by Daniel Schere | @Daniel_Schere

The New Year has ushered in another set of issues for the city of Winston-Salem to consider, ranging from implementing a $139.2 million bond referendum to determining what the ultimate fate will be for sweepstakes businesses. The city council does not formally meet until Jan. 19, but there are committee meetings scheduled before then, and several items from last year’s agenda will be carrying over.

Most city officials agree that the bonds are the most important subject to be discussed in the coming months. The five categories include streets and sidewalks, public safety, parks and recreation, housing and economic development. Based on the city’s debt capacity, it is possible residents may see property taxes increase by 2.5 cents to help pay for the projects. The tax was raised from 53 cents to 54 cents this summer as a result of the elimination of the business privilege license tax and the computer software tax by the General Assembly.

Councilman Robert Clark, who is also chairman of the finance committee, said he thinks the bonds are the most important issue, but is not sure whether their implementation will result in a property tax hike or how high it will be.

“These are not things that you can do overnight,” he said.

Since this year’s budget was passed in June, legislators have also decided to repeal North Carolina’s historic tax credit program and the state’s film incentives. Clark felt these decisions would not be detrimental to Winston- Salem.

“The film credit and the historic tax credit would affect us indirectly in the sense that you have investment in that area and people working in those areas,” he said.

Councilman Dan Besse said he agreed that the bond projects were the city’s largest priority, and said he is particularly excited to see improvements in transportation, public safety and economic development. Besse said he is also looking forward to the increased use of police body cameras on top of the 40 that already exist in the city’s police force.

The council will also face a series of decisions that will determine the outcome of whether sweepstakes businesses may operate in Winston-Salem and if so, where. The current policy allows sweepstakes businesses to operate in areas known as Highway Business Districts, or HB zones. A ruling by the North Carolina Court of Appeals in November determined that there was no difference between “pre-reveal” software and “post-reveal” software, making any game with an entertaining display illegal. In response, the City of Greensboro decided Monday to place an outright ban on all sweepstakes operators that use an entertaining display. The ban will go into effect March 1.

“Given the confusion surrounding the law, we think it’s only fair that sweepstakes machine owners be afforded an opportunity to voluntary comply with the most recent interpretation of the statute,” Greensboro Police Chief Anita Holder said in a press release.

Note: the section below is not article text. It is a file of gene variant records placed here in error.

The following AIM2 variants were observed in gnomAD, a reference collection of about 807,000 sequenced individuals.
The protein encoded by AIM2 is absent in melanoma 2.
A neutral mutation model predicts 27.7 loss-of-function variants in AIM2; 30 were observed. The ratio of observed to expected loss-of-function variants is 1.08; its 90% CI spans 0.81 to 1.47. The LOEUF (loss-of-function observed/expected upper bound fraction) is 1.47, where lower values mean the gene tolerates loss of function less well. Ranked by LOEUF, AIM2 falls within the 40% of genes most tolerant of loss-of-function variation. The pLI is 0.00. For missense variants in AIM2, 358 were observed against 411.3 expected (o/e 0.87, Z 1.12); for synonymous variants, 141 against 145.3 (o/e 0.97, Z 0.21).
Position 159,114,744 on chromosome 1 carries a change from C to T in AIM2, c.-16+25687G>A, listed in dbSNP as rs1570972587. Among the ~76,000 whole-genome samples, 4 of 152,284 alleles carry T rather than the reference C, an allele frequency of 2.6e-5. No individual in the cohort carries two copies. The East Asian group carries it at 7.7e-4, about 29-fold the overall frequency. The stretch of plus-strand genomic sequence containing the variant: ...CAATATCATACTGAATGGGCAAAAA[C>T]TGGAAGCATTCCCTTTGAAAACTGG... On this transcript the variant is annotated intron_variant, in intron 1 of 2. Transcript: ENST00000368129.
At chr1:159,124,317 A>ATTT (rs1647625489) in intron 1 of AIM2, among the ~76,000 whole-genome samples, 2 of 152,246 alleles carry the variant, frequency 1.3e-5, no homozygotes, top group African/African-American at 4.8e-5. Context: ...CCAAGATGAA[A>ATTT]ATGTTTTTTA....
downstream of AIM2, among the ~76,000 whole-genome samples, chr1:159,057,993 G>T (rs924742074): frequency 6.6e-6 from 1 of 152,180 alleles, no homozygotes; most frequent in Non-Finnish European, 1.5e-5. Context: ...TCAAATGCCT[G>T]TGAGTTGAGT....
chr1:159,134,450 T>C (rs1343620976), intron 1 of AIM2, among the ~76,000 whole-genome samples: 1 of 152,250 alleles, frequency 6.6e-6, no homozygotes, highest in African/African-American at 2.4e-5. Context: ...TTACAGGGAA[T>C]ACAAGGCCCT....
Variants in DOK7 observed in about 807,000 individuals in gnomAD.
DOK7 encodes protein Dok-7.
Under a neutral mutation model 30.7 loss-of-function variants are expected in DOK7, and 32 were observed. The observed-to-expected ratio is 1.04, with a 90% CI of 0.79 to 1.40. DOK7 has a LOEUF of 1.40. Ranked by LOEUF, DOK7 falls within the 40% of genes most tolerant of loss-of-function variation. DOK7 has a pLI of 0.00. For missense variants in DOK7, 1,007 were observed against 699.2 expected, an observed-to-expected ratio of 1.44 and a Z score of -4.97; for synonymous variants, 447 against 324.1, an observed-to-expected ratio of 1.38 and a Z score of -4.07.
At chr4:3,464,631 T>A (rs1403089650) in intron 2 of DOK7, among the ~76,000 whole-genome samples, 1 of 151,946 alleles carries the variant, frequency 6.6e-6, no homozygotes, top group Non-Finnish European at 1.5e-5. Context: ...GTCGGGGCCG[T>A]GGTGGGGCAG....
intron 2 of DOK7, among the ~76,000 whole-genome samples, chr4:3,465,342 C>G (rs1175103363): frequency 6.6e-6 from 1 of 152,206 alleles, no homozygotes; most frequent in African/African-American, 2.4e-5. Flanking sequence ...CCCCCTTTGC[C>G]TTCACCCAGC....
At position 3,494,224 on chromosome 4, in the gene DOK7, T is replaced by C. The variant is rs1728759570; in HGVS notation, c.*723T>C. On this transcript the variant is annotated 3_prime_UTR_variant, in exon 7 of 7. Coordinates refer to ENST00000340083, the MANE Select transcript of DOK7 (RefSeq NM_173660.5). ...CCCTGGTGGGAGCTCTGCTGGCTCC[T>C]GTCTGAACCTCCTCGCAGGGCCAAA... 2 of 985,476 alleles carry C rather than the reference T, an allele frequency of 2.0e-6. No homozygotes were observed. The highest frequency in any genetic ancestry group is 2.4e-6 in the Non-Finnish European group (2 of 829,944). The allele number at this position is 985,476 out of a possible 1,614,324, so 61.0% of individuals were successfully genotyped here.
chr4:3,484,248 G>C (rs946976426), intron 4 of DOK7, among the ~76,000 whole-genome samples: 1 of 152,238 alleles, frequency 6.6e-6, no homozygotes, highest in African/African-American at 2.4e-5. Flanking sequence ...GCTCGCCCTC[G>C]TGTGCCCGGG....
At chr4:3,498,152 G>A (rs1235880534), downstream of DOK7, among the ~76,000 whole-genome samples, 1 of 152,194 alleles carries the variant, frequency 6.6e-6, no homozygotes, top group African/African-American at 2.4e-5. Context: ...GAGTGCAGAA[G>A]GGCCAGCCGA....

The state has gone back and forth many times on the legality of sweepstakes, but several have been shut down recently. Attorney Jason Hicks, who specializes in gaming law, has said that the interpretation currently is that skill-based games are legal.

“One of the key criteria is whether the results of the game are viewed in an interesting, entertaining display, or whether the results are because of chance or because of skill,” he said.

Winston-Salem currently allows business owners to operate sweepstakes businesses at a cost of $2500 for a business license along with a $500 fee for each machine.

Winston-Salem City Attorney Angela Carmon said the November ruling is being appealed to the state supreme court through a petition for discretionary review. Carmon said the city is currently waiting on the court’s decision before they make any changes to their sweepstakes policy.

“There’s certain factors the petitioner will have to convince the Supreme Court of in terms of why they believe that decision should be reviewed,” she said.

The council had set a deadline of June 30 for all sweepstakes owners to move into an HB zone, or else they will have to close. Carmon said this policy would be rendered null and void if the court of appeals ruling is permitted to stand because all sweepstakes businesses will have to close.

“At that point in time I think it’s clear that the pre-reveal software is illegal and basically the ruling is set in stone,” she said.

If the current ordinance stands, seven sweepstakes businesses will be forced to close. This includes Heather Hills Business Center, CCS-2 Business Center, J&B Food Mart, US Entertainment, AA Internet Management, Liberty News Stand and Acadia Cyber Center.

Many residents have complained of increased crime and disruption to neighboring businesses in the past year, with the concern that sweepstakes could cluster near some neighborhoods. Clark said he understands this.

“I’m not here to say whether they’re good or bad, but I will say the perception is that they’re not great for the neighborhoods,” he said.

Winston-Salem police Lt. Tyrone Phelps said the department has not made a decision on whether it will follow Greensboro’s lead.

“Currently we are in consultation with our city attorney’s office as well as the DA’s office forming a plan for action, so that’s kind of where we’re at right now,” he said. !